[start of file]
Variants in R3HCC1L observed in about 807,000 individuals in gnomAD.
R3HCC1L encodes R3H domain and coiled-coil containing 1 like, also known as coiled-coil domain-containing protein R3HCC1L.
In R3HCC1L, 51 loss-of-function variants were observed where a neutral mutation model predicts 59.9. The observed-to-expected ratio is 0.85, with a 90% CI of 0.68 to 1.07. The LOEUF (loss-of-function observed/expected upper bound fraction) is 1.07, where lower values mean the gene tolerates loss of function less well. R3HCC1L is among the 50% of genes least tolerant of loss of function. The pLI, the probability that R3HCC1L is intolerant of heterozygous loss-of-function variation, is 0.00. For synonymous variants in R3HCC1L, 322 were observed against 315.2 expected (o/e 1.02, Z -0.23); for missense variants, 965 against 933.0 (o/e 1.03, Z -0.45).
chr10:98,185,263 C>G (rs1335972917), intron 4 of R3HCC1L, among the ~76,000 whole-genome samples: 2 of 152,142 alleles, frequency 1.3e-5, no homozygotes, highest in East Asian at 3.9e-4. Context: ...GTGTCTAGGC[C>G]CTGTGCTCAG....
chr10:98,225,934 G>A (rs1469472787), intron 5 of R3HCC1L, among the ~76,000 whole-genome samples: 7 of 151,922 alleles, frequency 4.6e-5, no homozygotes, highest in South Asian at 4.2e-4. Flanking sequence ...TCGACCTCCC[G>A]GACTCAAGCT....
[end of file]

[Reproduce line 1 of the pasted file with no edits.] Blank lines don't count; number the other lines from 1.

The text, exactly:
Variants in R3HCC1L observed in about 807,000 individuals in gnomAD.